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Whose Canon?: Culturalization versus Democratization
Linköping University, Department for Studies of Social Change and Culture, Department of Culture Studies. Linköping University, Faculty of Arts and Sciences. (Tema Q)
2012 (English)In: Culture Unbound. Journal of Current Cultural Research, ISSN 2000-1525, Vol. 4, no 14, 257-274 p.Article in journal (Refereed) Published
Abstract [en]

Current accounts – and particularly the critique – of canon formation are primarily based on some form of identity politics. In the 20th century a representational model of social identities replaced cultivation as the primary means to democratize the canons of the fine arts. In a parallel development, the discourse on canons has shifted its focus from processes of inclusion to those of exclusion. This shift corresponds, on the one hand, to the construction of so-called alternative canons or counter-canons, and, on the other hand, to attempts to restore the authority of canons considered to be in a state of crisis or decaying. Regardless of the democratic stance of these efforts, the construction of alternatives or the reestablishment of decaying canons does not seem to achieve their aims, since they break with the explicit and implicit rules of canon formation. Politically motivated attempts to revise or restore a specific canon make the workings of canon formation too visible, transparent and calculated, thereby breaking the spell of its imaginary character. Retracing the history of the canonization of the fine arts reveals that it was originally tied to the disembedding of artists and artworks from social and worldly affairs, whereas debates about canons of the fine arts since the end of the 20th century are heavily dependent on their social, cultural and historical reembedding. The latter has the character of disenchantment, but has also fettered the canon debate in notions of “our” versus “their” culture. However, by emphasizing the dedifferentiation of contemporary processes of culturalization, the advancing canonization of popular culture seems to be able to break with identity politics that foster notions of “our” culture in the present thinking on canons, and push it in a more transgressive, syncretic or hybrid direction.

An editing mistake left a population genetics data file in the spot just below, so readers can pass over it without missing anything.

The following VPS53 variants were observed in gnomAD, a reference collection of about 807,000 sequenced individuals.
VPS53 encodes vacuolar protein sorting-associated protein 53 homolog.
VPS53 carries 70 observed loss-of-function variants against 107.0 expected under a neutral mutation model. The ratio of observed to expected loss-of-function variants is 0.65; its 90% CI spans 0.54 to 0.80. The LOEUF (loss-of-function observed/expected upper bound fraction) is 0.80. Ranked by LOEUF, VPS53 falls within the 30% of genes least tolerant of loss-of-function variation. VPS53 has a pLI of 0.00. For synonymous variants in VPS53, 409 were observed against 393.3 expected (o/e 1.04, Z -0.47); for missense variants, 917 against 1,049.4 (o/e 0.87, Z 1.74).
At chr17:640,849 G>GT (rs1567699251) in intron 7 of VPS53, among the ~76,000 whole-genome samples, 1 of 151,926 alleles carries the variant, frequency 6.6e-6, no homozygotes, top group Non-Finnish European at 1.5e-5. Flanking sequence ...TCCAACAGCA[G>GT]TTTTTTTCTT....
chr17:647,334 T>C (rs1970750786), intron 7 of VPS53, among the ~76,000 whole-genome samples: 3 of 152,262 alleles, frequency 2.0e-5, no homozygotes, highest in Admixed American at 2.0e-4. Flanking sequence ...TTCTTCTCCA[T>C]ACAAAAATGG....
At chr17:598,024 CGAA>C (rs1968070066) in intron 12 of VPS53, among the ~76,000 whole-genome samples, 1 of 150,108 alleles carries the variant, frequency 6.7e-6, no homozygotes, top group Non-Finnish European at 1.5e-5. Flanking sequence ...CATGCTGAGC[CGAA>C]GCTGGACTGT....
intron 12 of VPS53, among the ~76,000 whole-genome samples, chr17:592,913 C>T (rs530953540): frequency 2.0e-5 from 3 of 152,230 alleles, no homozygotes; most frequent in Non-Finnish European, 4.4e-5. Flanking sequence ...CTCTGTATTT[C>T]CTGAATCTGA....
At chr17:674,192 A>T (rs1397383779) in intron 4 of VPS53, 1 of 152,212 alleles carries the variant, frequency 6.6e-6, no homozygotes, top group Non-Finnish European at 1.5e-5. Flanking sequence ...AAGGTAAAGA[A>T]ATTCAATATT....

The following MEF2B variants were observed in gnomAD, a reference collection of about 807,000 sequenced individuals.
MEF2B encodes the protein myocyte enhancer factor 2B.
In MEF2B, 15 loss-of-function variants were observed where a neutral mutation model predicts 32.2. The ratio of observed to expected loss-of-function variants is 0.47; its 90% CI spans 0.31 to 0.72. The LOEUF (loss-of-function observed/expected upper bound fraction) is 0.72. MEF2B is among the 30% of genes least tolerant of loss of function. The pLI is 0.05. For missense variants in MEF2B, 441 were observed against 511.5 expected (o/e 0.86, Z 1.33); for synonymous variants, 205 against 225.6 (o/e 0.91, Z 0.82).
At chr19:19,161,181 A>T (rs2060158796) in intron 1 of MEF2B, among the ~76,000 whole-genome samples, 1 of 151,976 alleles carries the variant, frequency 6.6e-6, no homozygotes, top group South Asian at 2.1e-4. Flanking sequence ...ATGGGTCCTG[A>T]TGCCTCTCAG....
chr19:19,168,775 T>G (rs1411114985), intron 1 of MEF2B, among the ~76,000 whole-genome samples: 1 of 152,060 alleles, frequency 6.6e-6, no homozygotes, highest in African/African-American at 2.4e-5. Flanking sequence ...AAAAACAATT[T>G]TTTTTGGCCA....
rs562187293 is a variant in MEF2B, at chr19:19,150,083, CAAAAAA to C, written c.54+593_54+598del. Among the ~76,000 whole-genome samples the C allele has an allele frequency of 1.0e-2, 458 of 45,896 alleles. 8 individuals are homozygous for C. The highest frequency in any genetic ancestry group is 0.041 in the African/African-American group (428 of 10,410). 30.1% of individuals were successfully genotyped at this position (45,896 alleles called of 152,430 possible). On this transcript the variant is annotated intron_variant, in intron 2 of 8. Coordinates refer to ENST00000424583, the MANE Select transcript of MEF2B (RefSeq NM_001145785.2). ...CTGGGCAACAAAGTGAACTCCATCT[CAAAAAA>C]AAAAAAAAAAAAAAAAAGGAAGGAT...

Place, publisher, year, edition, pages
2012. Vol. 4, no 14, 257-274 p.
Keyword [en]
Canon, canon formation, canons of fine art, canons of popular culture, culturalization, democratization, differentiation, dedifferentiation
National Category
URN: urn:nbn:se:liu:diva-78080DOI: 10.3384/cu.2000.1525.124257OAI: diva2:531147
Available from: 2012-06-05 Created: 2012-06-05 Last updated: 2012-06-12

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Bjurström, Erling
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Department of Culture StudiesFaculty of Arts and Sciences
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